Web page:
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Creativity and the Brain: What We Can Learn From Jazz


Musicians
Katrina
Schwartz

Listening to jazz musicians improvise, how the piano players chords toy with the sax players runs and the standup
bass players beats, it may seem like their music-making process is simply magic. But research of jazz musicians
brain activity as they improvise is helping shed light on the neuroscience behind creativity, and it turns out creating
that magic is not as serendipitous a process as we might think.

I started looking at jazz musicians playing the blues as a way to understand how the creative brain emerges from a
neuroscience perspective, said Charles Limb, associate professor of Otolaryngology-Head and Neck Surgery at
Johns Hopkins University.

Limb, a jazz musician and music lover, and his team designed a plastic keyboard that jazz musicians could both play
and hear while they were inside an MRI machine. Limb asked the musicians to play a memorized piece of music, then
improvise with another musician in the control room. Limb captured images of their brains as they played.

When musicians go to an improvisation, the brain switches, Limb said, and the lateral prefrontal lobes responsible for
conscious self monitoring became less engaged. Musicians were turning off the self-censoring in the brain so they
could generate novel ideas without restrictions, he said. Interestingly, the improvising brain activates many of the
same brain centers as language, reinforcing the idea that the back and forth of improvisation between musicians is
akin to its own language.

When youre trying so hard to come up with ideas you cant do it, you cant force it.

The same principle applies to something like writers block. When youre trying so hard to come up with ideas you
cant do it, you cant force it, Limb said. Then at another time, some flip switches and youve got this flow going on,
this generation of ideas. When the stakes are higher and the brain is actively over-thinking something, it can interfere
with processes that have become routinized, causing behavior or performance to suffer.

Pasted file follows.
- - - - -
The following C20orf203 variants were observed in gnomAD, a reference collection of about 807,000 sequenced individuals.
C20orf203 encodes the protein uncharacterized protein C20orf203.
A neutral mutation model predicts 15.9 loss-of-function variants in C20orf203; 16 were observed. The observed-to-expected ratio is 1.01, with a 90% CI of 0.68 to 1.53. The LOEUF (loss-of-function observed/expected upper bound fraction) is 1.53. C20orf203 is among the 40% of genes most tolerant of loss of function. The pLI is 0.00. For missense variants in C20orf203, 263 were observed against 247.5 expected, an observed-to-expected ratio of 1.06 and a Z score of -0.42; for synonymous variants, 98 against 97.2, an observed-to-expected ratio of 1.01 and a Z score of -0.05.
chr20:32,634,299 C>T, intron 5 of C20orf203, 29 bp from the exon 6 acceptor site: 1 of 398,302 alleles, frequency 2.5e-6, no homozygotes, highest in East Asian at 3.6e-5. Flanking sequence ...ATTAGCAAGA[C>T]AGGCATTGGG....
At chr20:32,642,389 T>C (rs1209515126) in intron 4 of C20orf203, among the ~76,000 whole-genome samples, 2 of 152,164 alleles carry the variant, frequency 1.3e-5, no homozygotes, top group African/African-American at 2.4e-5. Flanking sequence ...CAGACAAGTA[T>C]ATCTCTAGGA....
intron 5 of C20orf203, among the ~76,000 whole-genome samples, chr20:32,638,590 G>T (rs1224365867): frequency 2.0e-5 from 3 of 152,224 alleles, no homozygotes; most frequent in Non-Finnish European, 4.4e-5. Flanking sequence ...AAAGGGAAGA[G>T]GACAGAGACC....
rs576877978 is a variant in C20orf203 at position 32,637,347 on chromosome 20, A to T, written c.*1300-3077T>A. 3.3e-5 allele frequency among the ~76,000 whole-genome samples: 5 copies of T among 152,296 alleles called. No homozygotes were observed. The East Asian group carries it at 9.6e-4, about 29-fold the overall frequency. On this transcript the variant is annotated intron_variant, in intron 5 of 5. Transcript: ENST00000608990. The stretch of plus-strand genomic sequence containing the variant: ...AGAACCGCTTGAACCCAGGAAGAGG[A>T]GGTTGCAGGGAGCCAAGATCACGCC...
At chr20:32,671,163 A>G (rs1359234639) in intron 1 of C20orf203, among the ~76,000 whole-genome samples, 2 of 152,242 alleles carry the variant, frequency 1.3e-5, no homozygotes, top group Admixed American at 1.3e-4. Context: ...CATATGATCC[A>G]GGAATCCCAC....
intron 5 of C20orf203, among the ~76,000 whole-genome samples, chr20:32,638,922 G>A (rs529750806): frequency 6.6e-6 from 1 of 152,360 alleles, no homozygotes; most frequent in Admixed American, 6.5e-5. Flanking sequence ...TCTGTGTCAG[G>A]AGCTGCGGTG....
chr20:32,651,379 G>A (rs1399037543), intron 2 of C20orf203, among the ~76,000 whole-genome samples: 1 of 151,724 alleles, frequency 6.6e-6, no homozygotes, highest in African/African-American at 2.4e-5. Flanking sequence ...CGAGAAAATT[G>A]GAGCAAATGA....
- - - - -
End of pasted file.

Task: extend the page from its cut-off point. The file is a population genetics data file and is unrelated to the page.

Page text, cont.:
CREATIVITY CAN BE DEVELOPED

Luckily, creativity isnt an unknowable, mystical quality. It can be developed. You have to cultivate these behaviors by
introducing them to children and recognizing that the more you do it, the better you are at doing it, Limb said. The
problem is a lot of kids dont get much unstructured time either in school or out of it. School is often based on right or
wrong answers, leaving little room for students to come up with ideas that havent been taught to them before.

It doesnt have to be so directed all the time, Limb said. Weve taken a lot of the joy out of things that used to be
joyful. Even a lot of music lessons have become about the discipline of learning to play well, not the joy of creating
the music. Children should have part of every lesson reserved for improvisation and free form play, Limb said. The
same could be said for free play on the playground and experimentation with new ideas in the classroom.
Unprogrammed time is necessary for students to practice using their creativity.

Can Any School Foster Pure Creativity?

Is It Possible to Measure Creativity?

Are We Wringing the Creativity Out of Kids?

In recent years many schools have cut their art programs as non-essential subjects. At the same time,
leaders are crying for more creative thinking in students. We tend to look at education of creative
aspects of children as something that happens incidentally and that is entertainment-based, Limb
said. But that misses the connection between creativity and the idea generation necessary for strong
problem solving skills. Art may be one of the best ways to train the brain to have this kind of creative
fluency, Limb said. He believes art is as central to education as math and reading, especially when
created in collaborative environments like band or orchestra.

Limb is working to set up an experiment testing his theory with kids who have never had drawing or
music lessons before. Hed like to see whats going on in their brains when first allowed to improvise.
Capturing the brain as it begins to create could help deepen an understanding of how to support
creative growth.

Creativity may even be hardwired into human brains, an essential feature that has allowed the species to adapt
repeatedly over the course of history. Very early on theres this need for the brain to be able to come up with
something that it didnt know before, thats not being taught to it, but to find a way to figure something out thats
creative, Limb said. Thats always been essential for human survival.

Creating is core to the human experience throughout time, Limb says. The brain has been hard wired to seek
creative or artistic endeavors forever, he said. We dont need it to survive, you wouldnt think, and yet the brain
wants it and seeks it.

Interestingly, the creating brain looks a lot like the dreaming brain, one of the most creative states humans can enter,
but one associated with unconsciousness. Similar to what Limb observed in jazz musicians, when people dream the
self-monitoring part of the brain is suppressed and the default network in the brain takes over. This is the introspective
part of the brain, as well as the autobiographical part. Thats why dreams feel so personal, pulling from experiences
or recent worries. The brain is an organ and some of its functions are geared toward generation of unpredictable
ideas, Limb said. Thats just how its meant to function.

Listen to a Science Friday interview with Charles Limb for even more about his interesting research.

Explore: Big Ideas, creativity


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